Here’s another sample from my forthcoming book from Hydra Publications.
Bargain With Fate, Book 2 of SAGE – excerpt
Bird of the Moon
Human or not, Nerissa took no one’s fancy that evening.
Before they had tried all the many houses of pleasure, Barand lost both temper and patience. “I won’t go back with nothing. They say there are doctors who’ll pay for fresh bodies….”
Nerissa had no fear of this old taunt and she was too tired to respond with the proper display of terror.
“You don’t believe me?” Barand shook her.
“Master, let’s go home.”
“Do you give orders now?” He slapped the girl, thrust her into a lightless alley, and threw her to the ground. Doubling both his hands into fists, he waited for her to get up.
A voice inside Nerissa spoke as if it had been gathering itself for years:
Not this time.
“Get up,” said Barand.
Instead, Nerissa groped, clutched the first thing she touched, and pitched it at the man.
The thing turned out to be a cobble and it hit him with a solid thunk.
He staggered back, shook his head, and sat down.
Nerissa scrambled up and ran into the alley’s blackness.
He was after her in a moment but his heavy boots were easy to hear and he had to stop now and then to strain for the sound of her bare feet.
She tried to choose her route but found herself taking the first turns and narrowest ways. She was away now, and the fear of being caught and hurt again outweighed her craft and caution.
Halfway down a passage between two warehouses, she knew she had lost her race. She knew where she was and she knew there was no way out. She ran to the wall at the end of the passage; she cast herself against it as if she would force her body through it. The brick was solid. No windows, no doors, its top at twice her height.
She huddled in the dark. Maybe Barand would miss this turn. If he only glanced in, he’d never see her.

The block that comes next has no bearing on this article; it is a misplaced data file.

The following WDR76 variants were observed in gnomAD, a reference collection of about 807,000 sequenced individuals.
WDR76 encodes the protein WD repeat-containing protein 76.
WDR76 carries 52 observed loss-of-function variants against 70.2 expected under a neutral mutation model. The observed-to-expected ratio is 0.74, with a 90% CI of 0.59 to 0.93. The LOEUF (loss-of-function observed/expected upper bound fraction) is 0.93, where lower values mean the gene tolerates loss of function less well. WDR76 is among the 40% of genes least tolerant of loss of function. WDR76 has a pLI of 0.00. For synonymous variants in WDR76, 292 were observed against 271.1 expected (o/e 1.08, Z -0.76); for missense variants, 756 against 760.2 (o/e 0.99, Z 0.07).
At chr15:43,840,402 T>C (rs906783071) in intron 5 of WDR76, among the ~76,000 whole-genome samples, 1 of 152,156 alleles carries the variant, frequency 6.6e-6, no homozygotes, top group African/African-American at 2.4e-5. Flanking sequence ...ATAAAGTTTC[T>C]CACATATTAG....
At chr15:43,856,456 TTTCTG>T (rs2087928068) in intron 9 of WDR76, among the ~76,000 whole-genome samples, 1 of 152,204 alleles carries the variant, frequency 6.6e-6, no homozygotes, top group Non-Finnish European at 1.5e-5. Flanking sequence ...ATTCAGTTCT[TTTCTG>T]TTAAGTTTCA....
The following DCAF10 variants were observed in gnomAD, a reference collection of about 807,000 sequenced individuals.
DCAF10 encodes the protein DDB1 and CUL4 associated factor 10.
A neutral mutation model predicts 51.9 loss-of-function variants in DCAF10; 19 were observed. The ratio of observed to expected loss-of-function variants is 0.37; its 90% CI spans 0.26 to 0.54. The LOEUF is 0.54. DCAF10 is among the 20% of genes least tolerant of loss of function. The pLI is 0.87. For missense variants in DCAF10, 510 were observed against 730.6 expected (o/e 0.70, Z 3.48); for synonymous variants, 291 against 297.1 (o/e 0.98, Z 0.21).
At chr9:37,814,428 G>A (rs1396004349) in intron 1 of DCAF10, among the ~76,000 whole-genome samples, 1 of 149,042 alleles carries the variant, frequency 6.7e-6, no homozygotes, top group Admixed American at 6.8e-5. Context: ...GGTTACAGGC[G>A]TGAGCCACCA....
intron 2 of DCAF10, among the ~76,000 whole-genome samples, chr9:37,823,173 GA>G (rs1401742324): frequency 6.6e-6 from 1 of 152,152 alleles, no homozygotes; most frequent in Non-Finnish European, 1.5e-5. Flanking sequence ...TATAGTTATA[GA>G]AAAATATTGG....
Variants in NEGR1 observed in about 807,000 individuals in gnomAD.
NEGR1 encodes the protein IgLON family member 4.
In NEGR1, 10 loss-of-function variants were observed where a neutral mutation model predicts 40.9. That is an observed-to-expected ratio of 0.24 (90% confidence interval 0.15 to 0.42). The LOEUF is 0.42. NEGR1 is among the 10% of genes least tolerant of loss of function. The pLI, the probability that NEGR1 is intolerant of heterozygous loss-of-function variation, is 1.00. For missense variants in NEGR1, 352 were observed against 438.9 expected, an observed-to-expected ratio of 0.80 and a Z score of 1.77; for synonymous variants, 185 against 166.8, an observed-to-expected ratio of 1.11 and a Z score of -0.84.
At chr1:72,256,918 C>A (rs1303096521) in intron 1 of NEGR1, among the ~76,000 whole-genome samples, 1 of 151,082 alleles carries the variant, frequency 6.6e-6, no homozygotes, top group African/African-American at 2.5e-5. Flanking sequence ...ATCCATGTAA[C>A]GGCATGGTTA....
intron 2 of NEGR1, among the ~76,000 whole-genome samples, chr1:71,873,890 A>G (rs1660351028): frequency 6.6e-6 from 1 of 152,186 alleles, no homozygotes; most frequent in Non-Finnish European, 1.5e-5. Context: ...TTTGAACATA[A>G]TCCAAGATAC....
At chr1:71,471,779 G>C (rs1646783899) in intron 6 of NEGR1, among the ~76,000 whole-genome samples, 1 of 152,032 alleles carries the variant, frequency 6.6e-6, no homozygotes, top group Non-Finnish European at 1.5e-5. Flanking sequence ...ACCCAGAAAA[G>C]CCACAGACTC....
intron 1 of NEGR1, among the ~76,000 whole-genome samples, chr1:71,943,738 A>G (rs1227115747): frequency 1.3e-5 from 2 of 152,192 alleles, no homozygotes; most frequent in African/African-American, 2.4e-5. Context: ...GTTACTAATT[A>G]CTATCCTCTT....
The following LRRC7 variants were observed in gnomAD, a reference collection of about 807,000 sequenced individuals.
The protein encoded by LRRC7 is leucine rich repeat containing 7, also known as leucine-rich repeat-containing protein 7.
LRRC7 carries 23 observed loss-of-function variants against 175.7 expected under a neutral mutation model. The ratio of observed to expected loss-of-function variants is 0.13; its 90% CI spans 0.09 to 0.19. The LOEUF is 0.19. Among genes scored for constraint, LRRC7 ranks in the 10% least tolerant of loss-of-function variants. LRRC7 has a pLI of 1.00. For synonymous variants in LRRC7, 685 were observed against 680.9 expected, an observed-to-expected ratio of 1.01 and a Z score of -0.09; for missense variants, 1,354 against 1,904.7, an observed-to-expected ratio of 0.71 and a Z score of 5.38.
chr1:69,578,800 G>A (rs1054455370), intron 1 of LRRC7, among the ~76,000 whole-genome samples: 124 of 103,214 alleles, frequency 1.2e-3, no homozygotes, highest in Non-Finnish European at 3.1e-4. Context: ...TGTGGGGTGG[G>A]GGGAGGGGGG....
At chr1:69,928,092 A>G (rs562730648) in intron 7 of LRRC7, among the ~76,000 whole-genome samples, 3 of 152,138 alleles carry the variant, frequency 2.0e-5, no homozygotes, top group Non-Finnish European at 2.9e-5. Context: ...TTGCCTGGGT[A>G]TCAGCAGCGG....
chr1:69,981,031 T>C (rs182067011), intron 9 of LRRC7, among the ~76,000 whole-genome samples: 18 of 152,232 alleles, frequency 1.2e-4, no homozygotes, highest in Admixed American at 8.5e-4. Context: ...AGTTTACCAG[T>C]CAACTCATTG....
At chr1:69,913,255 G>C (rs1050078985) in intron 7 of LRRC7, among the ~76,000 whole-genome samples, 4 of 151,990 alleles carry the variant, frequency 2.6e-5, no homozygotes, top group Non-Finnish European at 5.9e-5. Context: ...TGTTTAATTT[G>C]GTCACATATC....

She heard him stop. She heard the hiss of his boots on the gritty street as he turned. She heard him coming nearer.
To her horror, the passage lightened as the clouds thinned. In a handful of seconds, the moon would show her clearly.
Something passed her with a whir. From near the mouth of the passage came a trill of music more lovely than anything the girl had ever heard. A bird sat on a ledge of one of the warehouses, stretching its throat in song. There were no colors in that light, but the bird was pale, with long and drooping tail-feathers. Barand stared at it, too.
If only she could creep away while Barand was looking at it. Impossible.
But, in the moonlight, Nerissa saw the impossible could happen. There was a vertical crevice in the wall where none had been before.
Nerissa took to it like a rabbit to a warren. She had to step up into it and wriggle back…. And she was trapped. The crack went deep – deeper than most walls were thick – but it didn’t open on the other side.
She heard Barand shout as he saw her go to ground. She saw him, through the cleft, pound toward her.
The entrance exploded with song and feather, as the bird returned. Nerissa could see, in a light the bird seemed to contain rather than reflect, that its beak and feet were yellow and that its feathers shimmered like liquid fire. Red, blue, black, glinting with diamond sparks. Its eyes…its eyes were blue….